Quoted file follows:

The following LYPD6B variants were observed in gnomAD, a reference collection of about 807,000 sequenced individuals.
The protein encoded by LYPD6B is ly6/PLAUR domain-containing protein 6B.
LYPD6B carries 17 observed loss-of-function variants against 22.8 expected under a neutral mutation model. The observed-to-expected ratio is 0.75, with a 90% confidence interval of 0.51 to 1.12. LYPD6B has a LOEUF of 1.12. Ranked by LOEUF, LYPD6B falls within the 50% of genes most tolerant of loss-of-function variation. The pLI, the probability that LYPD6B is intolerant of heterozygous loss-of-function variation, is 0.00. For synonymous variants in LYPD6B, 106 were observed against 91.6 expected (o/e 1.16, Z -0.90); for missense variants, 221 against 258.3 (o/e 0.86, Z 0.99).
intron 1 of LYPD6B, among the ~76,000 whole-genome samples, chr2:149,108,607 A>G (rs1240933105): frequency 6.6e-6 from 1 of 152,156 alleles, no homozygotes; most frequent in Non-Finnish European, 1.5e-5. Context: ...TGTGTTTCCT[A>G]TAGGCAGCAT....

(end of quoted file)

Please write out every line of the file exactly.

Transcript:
The following LYPD6B variants were observed in gnomAD, a reference collection of about 807,000 sequenced individuals.
The protein encoded by LYPD6B is ly6/PLAUR domain-containing protein 6B.
LYPD6B carries 17 observed loss-of-function variants against 22.8 expected under a neutral mutation model. The observed-to-expected ratio is 0.75, with a 90% confidence interval of 0.51 to 1.12. LYPD6B has a LOEUF of 1.12. Ranked by LOEUF, LYPD6B falls within the 50% of genes most tolerant of loss-of-function variation. The pLI, the probability that LYPD6B is intolerant of heterozygous loss-of-function variation, is 0.00. For synonymous variants in LYPD6B, 106 were observed against 91.6 expected (o/e 1.16, Z -0.90); for missense variants, 221 against 258.3 (o/e 0.86, Z 0.99).
intron 1 of LYPD6B, among the ~76,000 whole-genome samples, chr2:149,108,607 A>G (rs1240933105): frequency 6.6e-6 from 1 of 152,156 alleles, no homozygotes; most frequent in Non-Finnish European, 1.5e-5. Context: ...TGTGTTTCCT[A>G]TAGGCAGCAT....